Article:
Dr. Martha Stout, author of The Sociopath Next Door, would agree. Stout says that psychopaths have a “tragic deficit” in the paralimbic system (the brain’s emotional area), which prevents them from forming bonds or caring about others. “Where emotion is concerned, psychopaths can see it in others when they make a concerted conscious effort,” Stout says. “They just don't care to do so unless they can use it to their own advantage.”
But others, such as Jennifer Skeem, professor of psychology and social behavior at the University of California, argue that psychopaths are just misunderstood and can be rehabilitated. “Psychopathy tends to be used as a label for people we do not like, cannot understand, or construe as evil,” Skeem says.
The controversy will doubtless continue. Experts disagree over how violent psychopaths should be housed and whether they can be rehabilitated. Studies are cited by both sides. But such is the subtle nature of human behavior that, while the science may be objective, the results of such studies are often open to subjective interpretation.
Meanwhile, the justice system is burdened with the practical issues of keeping these criminals behind bars. In some cases, sexually violent predators are detained not in prisons, but in mental institutions. Such confinement, termed “civil commitment,” became federal law with the Adam Walsh Child Protection and Safety Act of 2006, and is also employed in 20 states.
But this, too, is controversial. Many believe mental health institutions are not the proper place for dangerous criminals, who are better suited to correctional facilities. And some argue that their civil commitment is unfair to mental health professionals and to patients diagnosed with severe, persistent mental health problems.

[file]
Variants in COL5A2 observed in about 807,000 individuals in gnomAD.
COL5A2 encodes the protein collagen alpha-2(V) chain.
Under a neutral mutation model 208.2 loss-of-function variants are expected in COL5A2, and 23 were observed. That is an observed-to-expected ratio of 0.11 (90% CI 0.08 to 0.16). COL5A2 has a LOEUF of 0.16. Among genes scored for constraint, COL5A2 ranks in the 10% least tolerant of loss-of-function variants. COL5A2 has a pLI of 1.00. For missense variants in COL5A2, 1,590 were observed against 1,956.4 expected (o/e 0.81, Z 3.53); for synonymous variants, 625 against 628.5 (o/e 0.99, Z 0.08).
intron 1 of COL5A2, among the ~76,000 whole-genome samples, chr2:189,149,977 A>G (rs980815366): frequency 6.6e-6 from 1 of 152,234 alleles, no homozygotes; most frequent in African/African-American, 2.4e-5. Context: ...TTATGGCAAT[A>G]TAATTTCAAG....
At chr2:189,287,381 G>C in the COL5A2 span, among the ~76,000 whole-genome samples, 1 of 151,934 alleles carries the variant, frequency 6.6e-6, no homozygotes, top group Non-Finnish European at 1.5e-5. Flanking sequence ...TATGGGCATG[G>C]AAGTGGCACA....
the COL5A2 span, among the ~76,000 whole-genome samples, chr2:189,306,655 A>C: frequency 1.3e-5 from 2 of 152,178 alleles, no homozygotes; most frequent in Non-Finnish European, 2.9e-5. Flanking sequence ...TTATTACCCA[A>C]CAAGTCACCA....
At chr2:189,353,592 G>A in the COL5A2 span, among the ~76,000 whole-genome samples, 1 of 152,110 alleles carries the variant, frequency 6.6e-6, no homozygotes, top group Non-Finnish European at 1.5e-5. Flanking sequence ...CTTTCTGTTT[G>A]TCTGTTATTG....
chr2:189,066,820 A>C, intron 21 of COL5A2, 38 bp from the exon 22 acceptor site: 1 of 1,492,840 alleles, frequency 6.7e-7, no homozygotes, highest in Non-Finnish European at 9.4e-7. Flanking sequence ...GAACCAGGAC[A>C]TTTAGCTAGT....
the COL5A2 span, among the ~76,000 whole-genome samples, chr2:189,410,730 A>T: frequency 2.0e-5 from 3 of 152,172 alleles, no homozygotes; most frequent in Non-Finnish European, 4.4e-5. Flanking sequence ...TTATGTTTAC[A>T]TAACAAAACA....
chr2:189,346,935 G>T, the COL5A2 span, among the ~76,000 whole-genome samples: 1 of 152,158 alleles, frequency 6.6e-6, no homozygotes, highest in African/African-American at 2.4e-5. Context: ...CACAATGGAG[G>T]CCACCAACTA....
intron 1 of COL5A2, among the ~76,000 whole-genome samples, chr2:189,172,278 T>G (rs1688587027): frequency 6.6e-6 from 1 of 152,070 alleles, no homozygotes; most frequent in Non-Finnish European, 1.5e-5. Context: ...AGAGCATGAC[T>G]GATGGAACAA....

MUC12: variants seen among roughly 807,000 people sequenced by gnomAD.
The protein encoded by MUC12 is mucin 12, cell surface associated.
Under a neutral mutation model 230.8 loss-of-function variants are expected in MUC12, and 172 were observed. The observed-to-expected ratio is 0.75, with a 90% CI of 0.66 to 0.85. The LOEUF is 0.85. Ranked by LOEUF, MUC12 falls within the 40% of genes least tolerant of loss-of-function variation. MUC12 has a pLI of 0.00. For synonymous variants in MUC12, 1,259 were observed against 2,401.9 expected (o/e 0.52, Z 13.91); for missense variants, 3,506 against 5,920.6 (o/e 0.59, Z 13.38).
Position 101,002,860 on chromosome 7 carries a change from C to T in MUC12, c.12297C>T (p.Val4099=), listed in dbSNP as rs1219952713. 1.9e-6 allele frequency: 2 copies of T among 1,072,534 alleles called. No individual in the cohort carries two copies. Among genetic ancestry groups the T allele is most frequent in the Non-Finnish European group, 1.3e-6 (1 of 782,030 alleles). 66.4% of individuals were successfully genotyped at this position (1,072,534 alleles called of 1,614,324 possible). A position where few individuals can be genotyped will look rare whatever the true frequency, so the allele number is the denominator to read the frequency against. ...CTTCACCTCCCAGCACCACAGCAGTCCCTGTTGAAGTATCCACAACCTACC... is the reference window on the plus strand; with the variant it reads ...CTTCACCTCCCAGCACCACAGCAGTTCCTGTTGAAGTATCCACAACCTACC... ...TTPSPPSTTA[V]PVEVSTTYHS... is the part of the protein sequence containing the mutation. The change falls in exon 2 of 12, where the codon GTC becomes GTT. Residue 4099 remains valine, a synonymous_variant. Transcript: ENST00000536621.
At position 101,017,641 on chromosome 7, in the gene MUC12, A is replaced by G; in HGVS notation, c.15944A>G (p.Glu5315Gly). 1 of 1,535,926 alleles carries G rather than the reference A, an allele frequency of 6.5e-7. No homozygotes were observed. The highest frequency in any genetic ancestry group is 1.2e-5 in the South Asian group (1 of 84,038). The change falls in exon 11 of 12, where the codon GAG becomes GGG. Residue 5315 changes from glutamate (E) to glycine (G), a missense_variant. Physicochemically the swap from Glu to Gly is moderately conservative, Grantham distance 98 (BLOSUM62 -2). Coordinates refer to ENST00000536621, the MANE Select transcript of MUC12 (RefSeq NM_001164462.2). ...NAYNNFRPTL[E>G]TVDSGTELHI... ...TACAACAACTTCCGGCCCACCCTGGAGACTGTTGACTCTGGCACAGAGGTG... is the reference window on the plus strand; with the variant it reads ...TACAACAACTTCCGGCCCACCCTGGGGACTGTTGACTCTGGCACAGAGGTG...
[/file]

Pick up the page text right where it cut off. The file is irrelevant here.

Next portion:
Since California uses civil commitment, it’s possible that once Cameron Hooker has served his time in Folsom Prison, he’ll be deemed a “sexually violent predator” and transferred to forensic lock-up in a mental institution. But this isn’t mandatory, and no one can predict whether he will qualify for civil commitment. It’s possible that he’ll be set free to stroll the streets.
Dr. Robert Hare, who is perhaps the leading authority on the subject of psychopaths, created the most widely used tool for keeping criminals like Hooker behind bars. The Psychopathy Checklist, also called the PCL or PCL-R, is considered the gold standard in assessing psychopathy. In his book, Without Conscience: The Disturbing World of the Psychopaths Among Us, Dr. Hare states that there “is ample evidence that a careful diagnosis of psychopathy, based on the Psychopathy Checklist, greatly reduces the risks associated with decisions in the criminal justice system. Properly used, it can help to differentiate those offenders who pose little risk to society from those who are at a high risk for recidivism or violence.”
Perhaps, properly used, the Psychopathy Checklist can remove the guesswork over which individuals are most dangerous. But of course, no punishment can truly fit the crime. No pound of flesh or pile of cash can buy back years of being chained in the dark.